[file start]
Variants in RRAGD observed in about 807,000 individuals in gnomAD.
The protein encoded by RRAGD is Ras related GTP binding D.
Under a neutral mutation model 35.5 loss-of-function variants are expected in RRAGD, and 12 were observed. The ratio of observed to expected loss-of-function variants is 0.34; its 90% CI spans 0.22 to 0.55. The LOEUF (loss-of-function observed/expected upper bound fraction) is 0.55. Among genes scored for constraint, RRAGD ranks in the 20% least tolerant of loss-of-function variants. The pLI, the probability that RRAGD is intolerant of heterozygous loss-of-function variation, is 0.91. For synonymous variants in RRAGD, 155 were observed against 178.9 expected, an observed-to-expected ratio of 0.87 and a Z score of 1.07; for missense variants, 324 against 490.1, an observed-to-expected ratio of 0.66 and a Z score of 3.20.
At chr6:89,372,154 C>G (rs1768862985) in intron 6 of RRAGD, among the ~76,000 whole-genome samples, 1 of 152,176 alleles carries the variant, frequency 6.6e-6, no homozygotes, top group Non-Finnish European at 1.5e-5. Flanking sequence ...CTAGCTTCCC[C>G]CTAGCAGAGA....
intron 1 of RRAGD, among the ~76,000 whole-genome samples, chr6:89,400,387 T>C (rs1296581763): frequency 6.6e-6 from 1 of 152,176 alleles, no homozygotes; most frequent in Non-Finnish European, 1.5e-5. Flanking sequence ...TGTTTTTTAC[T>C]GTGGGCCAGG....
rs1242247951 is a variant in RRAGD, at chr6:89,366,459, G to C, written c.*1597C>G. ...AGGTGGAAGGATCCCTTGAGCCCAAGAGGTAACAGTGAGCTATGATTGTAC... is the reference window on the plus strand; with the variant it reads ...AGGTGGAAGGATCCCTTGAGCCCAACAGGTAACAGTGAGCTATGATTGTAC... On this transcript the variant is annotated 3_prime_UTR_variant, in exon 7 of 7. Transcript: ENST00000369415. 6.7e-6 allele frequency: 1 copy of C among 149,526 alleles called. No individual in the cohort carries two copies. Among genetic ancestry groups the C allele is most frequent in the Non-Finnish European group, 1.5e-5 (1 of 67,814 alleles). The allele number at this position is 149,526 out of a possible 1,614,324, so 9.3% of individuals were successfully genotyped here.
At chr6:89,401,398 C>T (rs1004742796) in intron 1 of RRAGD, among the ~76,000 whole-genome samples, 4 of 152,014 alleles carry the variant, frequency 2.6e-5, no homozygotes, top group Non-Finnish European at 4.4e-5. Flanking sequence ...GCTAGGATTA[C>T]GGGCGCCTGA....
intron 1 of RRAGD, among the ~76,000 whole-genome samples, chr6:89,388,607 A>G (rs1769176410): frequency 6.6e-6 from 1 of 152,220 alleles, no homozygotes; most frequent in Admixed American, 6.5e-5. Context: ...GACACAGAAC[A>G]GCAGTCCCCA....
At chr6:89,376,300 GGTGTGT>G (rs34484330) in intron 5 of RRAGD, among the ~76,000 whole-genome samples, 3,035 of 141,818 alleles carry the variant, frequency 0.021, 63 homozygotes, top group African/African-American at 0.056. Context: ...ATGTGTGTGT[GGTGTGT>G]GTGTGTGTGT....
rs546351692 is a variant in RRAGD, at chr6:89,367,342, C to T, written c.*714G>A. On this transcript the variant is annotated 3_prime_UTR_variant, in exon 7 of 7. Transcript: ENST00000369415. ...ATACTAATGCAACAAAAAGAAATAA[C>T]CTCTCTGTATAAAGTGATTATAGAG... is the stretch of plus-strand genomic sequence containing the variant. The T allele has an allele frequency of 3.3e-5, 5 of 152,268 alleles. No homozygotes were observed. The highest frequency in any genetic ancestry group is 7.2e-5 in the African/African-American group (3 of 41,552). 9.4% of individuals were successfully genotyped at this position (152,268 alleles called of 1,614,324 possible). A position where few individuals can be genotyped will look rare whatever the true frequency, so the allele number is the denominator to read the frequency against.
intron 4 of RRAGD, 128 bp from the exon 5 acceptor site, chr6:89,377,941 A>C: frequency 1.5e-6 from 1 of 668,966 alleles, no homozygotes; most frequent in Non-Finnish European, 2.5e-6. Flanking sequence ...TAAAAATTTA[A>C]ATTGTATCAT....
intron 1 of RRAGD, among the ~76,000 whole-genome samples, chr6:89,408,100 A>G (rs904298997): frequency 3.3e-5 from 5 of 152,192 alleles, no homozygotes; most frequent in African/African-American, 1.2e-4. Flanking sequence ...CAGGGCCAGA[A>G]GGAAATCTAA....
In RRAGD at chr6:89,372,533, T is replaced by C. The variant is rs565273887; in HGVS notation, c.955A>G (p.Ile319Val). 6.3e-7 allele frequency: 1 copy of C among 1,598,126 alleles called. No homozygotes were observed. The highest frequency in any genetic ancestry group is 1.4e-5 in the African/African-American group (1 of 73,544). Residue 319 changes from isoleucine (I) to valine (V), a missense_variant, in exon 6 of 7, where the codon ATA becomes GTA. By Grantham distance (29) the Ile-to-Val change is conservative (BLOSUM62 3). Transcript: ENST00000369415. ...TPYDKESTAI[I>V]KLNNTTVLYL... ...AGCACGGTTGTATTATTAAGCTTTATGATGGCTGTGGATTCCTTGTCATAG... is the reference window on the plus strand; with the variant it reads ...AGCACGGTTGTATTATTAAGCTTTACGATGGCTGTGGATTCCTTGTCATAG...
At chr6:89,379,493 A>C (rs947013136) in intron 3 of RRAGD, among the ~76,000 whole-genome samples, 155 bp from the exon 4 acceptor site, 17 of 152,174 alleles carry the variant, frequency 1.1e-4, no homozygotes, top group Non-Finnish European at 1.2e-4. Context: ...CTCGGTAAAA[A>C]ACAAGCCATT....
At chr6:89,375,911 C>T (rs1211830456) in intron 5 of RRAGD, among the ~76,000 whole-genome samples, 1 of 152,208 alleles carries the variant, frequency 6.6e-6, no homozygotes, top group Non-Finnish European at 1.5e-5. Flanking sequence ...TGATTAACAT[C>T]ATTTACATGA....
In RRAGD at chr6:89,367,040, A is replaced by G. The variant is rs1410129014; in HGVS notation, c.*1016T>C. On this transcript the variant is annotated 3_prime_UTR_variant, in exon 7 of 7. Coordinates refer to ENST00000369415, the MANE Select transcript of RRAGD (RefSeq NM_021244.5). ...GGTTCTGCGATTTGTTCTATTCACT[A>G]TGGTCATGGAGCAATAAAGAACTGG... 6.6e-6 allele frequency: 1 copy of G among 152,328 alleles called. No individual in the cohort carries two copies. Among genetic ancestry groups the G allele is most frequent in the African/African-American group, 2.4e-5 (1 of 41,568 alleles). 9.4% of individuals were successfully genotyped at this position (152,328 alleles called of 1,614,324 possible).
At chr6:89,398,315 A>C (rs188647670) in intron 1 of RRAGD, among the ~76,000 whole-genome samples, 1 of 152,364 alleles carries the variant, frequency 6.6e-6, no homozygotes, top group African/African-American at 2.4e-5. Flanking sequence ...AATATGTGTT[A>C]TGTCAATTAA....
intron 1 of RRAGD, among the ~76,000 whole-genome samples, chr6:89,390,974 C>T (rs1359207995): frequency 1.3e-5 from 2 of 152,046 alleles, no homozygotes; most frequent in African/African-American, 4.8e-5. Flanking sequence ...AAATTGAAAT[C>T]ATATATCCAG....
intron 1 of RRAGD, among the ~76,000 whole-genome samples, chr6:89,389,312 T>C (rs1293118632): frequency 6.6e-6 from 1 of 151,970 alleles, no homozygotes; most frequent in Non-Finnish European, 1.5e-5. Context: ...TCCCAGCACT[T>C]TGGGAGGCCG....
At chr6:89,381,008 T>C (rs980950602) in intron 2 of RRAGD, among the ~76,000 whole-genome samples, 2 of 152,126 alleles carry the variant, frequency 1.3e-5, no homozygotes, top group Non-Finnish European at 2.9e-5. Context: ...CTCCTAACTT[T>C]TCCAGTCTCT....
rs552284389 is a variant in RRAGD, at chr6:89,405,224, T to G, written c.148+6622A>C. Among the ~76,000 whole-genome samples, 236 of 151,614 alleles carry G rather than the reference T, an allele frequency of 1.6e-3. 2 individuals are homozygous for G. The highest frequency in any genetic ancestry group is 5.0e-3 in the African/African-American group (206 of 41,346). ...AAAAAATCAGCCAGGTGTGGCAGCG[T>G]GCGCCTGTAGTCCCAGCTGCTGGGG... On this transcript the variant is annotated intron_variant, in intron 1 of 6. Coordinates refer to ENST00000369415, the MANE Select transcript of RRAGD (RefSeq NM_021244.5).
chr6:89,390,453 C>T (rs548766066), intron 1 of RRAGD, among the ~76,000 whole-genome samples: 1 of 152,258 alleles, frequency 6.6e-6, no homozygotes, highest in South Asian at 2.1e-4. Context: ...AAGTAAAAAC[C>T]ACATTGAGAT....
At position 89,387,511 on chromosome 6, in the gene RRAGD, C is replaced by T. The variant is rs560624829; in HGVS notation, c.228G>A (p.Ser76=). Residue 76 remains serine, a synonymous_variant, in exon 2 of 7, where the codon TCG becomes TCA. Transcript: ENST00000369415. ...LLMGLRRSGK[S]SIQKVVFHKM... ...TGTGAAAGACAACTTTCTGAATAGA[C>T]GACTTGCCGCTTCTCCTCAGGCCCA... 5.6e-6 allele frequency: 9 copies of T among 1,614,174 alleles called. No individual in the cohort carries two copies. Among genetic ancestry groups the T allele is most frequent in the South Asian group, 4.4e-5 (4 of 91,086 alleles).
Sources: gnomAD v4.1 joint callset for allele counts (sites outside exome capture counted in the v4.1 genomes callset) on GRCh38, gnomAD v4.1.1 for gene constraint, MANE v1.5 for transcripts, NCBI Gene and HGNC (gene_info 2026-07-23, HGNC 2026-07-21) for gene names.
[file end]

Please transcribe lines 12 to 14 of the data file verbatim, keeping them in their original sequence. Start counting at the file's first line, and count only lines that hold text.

intron 1 of RRAGD, among the ~76,000 whole-genome samples, chr6:89,408,100 A>G (rs904298997): frequency 3.3e-5 from 5 of 152,192 alleles, no homozygotes; most frequent in African/African-American, 1.2e-4. Flanking sequence ...CAGGGCCAGA[A>G]GGAAATCTAA....
In RRAGD at chr6:89,372,533, T is replaced by C. The variant is rs565273887; in HGVS notation, c.955A>G (p.Ile319Val). 6.3e-7 allele frequency: 1 copy of C among 1,598,126 alleles called. No homozygotes were observed. The highest frequency in any genetic ancestry group is 1.4e-5 in the African/African-American group (1 of 73,544). Residue 319 changes from isoleucine (I) to valine (V), a missense_variant, in exon 6 of 7, where the codon ATA becomes GTA. By Grantham distance (29) the Ile-to-Val change is conservative (BLOSUM62 3). Transcript: ENST00000369415. ...TPYDKESTAI[I>V]KLNNTTVLYL... ...AGCACGGTTGTATTATTAAGCTTTATGATGGCTGTGGATTCCTTGTCATAG... is the reference window on the plus strand; with the variant it reads ...AGCACGGTTGTATTATTAAGCTTTACGATGGCTGTGGATTCCTTGTCATAG...
At chr6:89,379,493 A>C (rs947013136) in intron 3 of RRAGD, among the ~76,000 whole-genome samples, 155 bp from the exon 4 acceptor site, 17 of 152,174 alleles carry the variant, frequency 1.1e-4, no homozygotes, top group Non-Finnish European at 1.2e-4. Context: ...CTCGGTAAAA[A>C]ACAAGCCATT....